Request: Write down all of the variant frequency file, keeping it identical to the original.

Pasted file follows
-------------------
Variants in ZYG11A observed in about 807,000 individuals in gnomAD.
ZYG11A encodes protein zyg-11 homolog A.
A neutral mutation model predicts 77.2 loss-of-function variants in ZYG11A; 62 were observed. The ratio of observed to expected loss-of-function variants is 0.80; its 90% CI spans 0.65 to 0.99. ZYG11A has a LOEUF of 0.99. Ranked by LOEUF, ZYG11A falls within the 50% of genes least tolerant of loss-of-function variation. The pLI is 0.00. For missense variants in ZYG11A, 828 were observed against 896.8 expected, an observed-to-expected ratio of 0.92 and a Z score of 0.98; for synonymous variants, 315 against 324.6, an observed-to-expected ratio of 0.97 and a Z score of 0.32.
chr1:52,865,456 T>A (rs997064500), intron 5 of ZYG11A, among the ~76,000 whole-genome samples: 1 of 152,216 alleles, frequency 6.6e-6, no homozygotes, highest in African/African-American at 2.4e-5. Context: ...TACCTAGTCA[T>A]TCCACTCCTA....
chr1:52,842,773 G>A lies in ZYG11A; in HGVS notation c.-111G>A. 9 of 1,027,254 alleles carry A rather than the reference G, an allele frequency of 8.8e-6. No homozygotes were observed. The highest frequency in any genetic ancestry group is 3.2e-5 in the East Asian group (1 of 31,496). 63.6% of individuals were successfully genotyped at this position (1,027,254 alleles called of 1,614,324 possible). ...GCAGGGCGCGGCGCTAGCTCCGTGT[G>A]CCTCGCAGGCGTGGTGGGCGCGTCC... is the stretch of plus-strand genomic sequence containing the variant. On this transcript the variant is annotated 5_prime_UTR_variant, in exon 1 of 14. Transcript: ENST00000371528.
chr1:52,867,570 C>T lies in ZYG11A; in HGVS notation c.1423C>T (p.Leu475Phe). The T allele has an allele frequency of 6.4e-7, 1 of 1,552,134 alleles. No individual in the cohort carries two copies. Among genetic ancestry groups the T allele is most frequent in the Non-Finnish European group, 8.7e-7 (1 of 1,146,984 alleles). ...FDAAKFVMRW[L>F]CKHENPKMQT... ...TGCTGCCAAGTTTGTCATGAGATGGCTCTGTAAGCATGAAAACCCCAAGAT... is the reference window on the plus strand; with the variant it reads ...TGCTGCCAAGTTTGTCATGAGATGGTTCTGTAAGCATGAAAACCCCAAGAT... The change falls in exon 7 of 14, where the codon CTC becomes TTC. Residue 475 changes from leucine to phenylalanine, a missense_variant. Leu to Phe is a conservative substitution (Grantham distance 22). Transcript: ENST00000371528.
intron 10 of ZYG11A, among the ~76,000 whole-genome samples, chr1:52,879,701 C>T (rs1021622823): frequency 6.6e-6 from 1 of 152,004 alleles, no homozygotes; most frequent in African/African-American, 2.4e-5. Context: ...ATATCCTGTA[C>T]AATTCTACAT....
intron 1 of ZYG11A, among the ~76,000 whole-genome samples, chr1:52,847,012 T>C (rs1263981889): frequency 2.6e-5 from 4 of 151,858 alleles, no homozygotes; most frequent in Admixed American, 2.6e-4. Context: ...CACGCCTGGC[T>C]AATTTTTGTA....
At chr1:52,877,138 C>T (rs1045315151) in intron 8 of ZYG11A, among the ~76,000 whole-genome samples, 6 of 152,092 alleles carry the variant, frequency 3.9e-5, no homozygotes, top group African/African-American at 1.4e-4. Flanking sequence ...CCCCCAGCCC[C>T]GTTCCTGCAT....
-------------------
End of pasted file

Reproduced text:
Variants in ZYG11A observed in about 807,000 individuals in gnomAD.
ZYG11A encodes protein zyg-11 homolog A.
A neutral mutation model predicts 77.2 loss-of-function variants in ZYG11A; 62 were observed. The ratio of observed to expected loss-of-function variants is 0.80; its 90% CI spans 0.65 to 0.99. ZYG11A has a LOEUF of 0.99. Ranked by LOEUF, ZYG11A falls within the 50% of genes least tolerant of loss-of-function variation. The pLI is 0.00. For missense variants in ZYG11A, 828 were observed against 896.8 expected, an observed-to-expected ratio of 0.92 and a Z score of 0.98; for synonymous variants, 315 against 324.6, an observed-to-expected ratio of 0.97 and a Z score of 0.32.
chr1:52,865,456 T>A (rs997064500), intron 5 of ZYG11A, among the ~76,000 whole-genome samples: 1 of 152,216 alleles, frequency 6.6e-6, no homozygotes, highest in African/African-American at 2.4e-5. Context: ...TACCTAGTCA[T>A]TCCACTCCTA....
chr1:52,842,773 G>A lies in ZYG11A; in HGVS notation c.-111G>A. 9 of 1,027,254 alleles carry A rather than the reference G, an allele frequency of 8.8e-6. No homozygotes were observed. The highest frequency in any genetic ancestry group is 3.2e-5 in the East Asian group (1 of 31,496). 63.6% of individuals were successfully genotyped at this position (1,027,254 alleles called of 1,614,324 possible). ...GCAGGGCGCGGCGCTAGCTCCGTGT[G>A]CCTCGCAGGCGTGGTGGGCGCGTCC... is the stretch of plus-strand genomic sequence containing the variant. On this transcript the variant is annotated 5_prime_UTR_variant, in exon 1 of 14. Transcript: ENST00000371528.
chr1:52,867,570 C>T lies in ZYG11A; in HGVS notation c.1423C>T (p.Leu475Phe). The T allele has an allele frequency of 6.4e-7, 1 of 1,552,134 alleles. No individual in the cohort carries two copies. Among genetic ancestry groups the T allele is most frequent in the Non-Finnish European group, 8.7e-7 (1 of 1,146,984 alleles). ...FDAAKFVMRW[L>F]CKHENPKMQT... ...TGCTGCCAAGTTTGTCATGAGATGGCTCTGTAAGCATGAAAACCCCAAGAT... is the reference window on the plus strand; with the variant it reads ...TGCTGCCAAGTTTGTCATGAGATGGTTCTGTAAGCATGAAAACCCCAAGAT... The change falls in exon 7 of 14, where the codon CTC becomes TTC. Residue 475 changes from leucine to phenylalanine, a missense_variant. Leu to Phe is a conservative substitution (Grantham distance 22). Transcript: ENST00000371528.
intron 10 of ZYG11A, among the ~76,000 whole-genome samples, chr1:52,879,701 C>T (rs1021622823): frequency 6.6e-6 from 1 of 152,004 alleles, no homozygotes; most frequent in African/African-American, 2.4e-5. Context: ...ATATCCTGTA[C>T]AATTCTACAT....
intron 1 of ZYG11A, among the ~76,000 whole-genome samples, chr1:52,847,012 T>C (rs1263981889): frequency 2.6e-5 from 4 of 151,858 alleles, no homozygotes; most frequent in Admixed American, 2.6e-4. Context: ...CACGCCTGGC[T>C]AATTTTTGTA....
At chr1:52,877,138 C>T (rs1045315151) in intron 8 of ZYG11A, among the ~76,000 whole-genome samples, 6 of 152,092 alleles carry the variant, frequency 3.9e-5, no homozygotes, top group African/African-American at 1.4e-4. Flanking sequence ...CCCCCAGCCC[C>T]GTTCCTGCAT....